Where the application is based on an earlier trademark or right, it shall, in addition, contain:

(a) in the case of earlier registered trademarks

1) the indication that it is a national, European Union or international trademark designating Italy, the representation of the trademark, the owner, the number and the filing date of the application and any priority or seniority and registration date

(2) if the trademark has been the subject of a partial assignment, limitation, division, renewal or surrender, the relevant specification;

(b) in the case of trademarks with a reputation, the representation of the trademark and an indication of the geographical extent of that reputation;

(c) in the case of trademarks filed by an agent without consent, in relation to the proprietor’s earlier right:

(1) in the case of registered trademarks, the indications provided for in (a);

(2) in the case of non-registered trademarks, the representation and indication of the territory in which the protection of the right is claimed.

(d) in the case of rights referred to in Article 14(1) (c-bis), (c-ter), (c-quater) and (c-quinquies) of the Code

1) an indication of the nature of the protected right, specifying whether it is a designation of origin, geographical indication, traditional term for wines, traditional specialty guaranteed, registered plant variety name;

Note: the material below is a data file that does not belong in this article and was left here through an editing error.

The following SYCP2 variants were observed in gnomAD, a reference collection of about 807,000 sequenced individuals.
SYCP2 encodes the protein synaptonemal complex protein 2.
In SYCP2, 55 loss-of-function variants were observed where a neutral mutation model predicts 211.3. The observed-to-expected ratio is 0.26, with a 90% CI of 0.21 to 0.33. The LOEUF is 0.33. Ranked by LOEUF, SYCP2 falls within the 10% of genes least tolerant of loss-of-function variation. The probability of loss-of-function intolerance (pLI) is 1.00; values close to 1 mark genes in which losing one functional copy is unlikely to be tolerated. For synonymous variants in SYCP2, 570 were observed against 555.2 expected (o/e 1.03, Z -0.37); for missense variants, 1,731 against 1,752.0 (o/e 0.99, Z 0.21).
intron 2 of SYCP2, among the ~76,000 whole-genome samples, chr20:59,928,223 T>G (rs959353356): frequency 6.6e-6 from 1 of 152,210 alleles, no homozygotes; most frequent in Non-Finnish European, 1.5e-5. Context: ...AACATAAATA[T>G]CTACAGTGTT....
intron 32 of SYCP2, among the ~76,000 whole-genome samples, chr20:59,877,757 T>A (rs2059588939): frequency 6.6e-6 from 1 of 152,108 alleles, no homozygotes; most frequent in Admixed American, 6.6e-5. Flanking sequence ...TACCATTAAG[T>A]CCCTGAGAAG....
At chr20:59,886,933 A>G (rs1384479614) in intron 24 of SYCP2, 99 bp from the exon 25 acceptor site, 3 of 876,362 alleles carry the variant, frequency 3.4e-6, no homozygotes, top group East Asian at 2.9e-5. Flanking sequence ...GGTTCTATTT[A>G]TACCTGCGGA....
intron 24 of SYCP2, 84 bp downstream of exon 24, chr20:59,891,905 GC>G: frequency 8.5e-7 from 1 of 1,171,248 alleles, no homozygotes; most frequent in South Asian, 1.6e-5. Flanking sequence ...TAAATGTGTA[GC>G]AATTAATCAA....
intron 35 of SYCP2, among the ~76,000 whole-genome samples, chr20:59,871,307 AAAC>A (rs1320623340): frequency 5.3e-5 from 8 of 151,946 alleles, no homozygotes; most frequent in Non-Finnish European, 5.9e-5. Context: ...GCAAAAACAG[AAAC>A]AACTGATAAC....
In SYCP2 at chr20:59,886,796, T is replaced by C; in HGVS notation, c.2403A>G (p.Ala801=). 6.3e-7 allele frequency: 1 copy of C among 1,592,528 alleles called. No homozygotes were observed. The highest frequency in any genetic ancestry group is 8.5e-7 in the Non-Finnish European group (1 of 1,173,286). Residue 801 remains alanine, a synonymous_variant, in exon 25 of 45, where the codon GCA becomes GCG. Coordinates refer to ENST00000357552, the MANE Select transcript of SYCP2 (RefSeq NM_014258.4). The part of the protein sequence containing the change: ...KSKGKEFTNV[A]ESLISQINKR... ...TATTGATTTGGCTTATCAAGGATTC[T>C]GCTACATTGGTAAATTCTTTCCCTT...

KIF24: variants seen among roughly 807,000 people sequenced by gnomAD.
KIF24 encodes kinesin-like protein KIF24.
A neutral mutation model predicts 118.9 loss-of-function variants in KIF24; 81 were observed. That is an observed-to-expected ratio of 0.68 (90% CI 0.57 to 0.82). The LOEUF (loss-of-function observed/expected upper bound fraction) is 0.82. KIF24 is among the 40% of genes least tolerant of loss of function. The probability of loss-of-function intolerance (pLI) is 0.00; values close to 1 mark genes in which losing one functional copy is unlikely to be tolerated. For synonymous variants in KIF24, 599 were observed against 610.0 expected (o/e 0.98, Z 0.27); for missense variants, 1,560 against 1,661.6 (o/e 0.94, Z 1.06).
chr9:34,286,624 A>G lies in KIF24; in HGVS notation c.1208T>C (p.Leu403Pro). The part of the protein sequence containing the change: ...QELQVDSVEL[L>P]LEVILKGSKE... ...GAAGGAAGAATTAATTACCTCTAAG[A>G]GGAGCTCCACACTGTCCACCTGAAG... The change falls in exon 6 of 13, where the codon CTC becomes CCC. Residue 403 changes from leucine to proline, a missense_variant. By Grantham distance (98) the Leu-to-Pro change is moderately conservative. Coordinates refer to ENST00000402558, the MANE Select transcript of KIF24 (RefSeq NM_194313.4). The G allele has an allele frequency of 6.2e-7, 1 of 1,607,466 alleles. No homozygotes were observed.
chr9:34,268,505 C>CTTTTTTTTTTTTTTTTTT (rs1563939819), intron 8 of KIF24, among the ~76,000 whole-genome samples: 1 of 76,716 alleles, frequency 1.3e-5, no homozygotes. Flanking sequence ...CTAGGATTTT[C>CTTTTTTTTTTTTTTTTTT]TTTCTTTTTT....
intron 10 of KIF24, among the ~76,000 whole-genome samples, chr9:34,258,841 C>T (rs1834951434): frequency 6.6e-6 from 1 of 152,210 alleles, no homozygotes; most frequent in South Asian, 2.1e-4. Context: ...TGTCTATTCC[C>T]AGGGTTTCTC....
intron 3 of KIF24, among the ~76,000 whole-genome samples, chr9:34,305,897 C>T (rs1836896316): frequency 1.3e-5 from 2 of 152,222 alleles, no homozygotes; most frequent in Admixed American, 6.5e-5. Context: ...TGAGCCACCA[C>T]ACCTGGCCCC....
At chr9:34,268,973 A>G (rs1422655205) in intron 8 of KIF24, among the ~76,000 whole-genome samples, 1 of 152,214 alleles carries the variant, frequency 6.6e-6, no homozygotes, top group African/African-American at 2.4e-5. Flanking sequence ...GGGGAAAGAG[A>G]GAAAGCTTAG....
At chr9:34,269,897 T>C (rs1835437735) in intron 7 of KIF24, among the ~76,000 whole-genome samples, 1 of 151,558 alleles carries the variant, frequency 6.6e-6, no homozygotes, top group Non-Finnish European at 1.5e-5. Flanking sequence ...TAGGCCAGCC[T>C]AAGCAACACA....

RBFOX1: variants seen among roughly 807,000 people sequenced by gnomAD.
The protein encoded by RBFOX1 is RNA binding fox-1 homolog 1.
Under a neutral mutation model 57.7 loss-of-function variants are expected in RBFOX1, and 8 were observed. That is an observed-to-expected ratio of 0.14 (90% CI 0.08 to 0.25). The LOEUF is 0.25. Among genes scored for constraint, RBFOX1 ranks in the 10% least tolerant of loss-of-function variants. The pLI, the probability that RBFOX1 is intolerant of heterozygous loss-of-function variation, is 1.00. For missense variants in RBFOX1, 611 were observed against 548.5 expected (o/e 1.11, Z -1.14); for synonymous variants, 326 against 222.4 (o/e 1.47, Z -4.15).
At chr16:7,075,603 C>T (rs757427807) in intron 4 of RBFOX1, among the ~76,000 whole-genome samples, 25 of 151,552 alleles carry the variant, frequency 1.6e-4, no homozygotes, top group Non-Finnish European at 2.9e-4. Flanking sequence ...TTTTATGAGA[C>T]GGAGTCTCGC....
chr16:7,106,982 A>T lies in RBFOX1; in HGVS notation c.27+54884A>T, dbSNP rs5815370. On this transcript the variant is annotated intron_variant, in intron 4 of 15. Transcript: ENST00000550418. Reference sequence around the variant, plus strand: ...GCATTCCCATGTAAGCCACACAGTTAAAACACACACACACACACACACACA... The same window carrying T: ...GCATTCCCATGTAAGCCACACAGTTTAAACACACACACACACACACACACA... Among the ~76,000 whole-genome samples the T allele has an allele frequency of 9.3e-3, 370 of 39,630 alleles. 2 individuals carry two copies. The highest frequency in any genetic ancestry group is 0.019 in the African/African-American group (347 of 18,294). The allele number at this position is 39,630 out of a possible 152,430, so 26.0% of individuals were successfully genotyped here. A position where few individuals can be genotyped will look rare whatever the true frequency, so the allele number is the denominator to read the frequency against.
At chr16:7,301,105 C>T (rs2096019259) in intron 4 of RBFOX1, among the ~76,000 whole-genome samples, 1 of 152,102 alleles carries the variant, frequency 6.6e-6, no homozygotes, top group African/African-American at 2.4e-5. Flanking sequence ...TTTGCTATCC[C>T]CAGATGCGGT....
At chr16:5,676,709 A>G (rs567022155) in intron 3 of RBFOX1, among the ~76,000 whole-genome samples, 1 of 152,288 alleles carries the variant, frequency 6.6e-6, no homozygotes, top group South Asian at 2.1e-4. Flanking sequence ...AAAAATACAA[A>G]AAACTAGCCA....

2) the representation of the sign, the number and the date of filing of the application or registration or, failing that, the effective date of protection;

3) the indication of the territory in which the protection of the right is claimed (Italy or the European Union) and the normative or conventional references on which the right to protection is based.

The demonstration of the payment of the prescribed fees must be attached to the application.



Once the fees have been paid, the Office examines the admissibility of the application.

After verification, the Office will notify the parties of the beginning of the proceedings, transmitting the motion for revocation or invalidity and advising them of the possibility of reaching a conciliation agreement within a period of two months from the date of communication of the beginning of the proceedings, which may be extended several times up to one year, upon the joint request of the parties.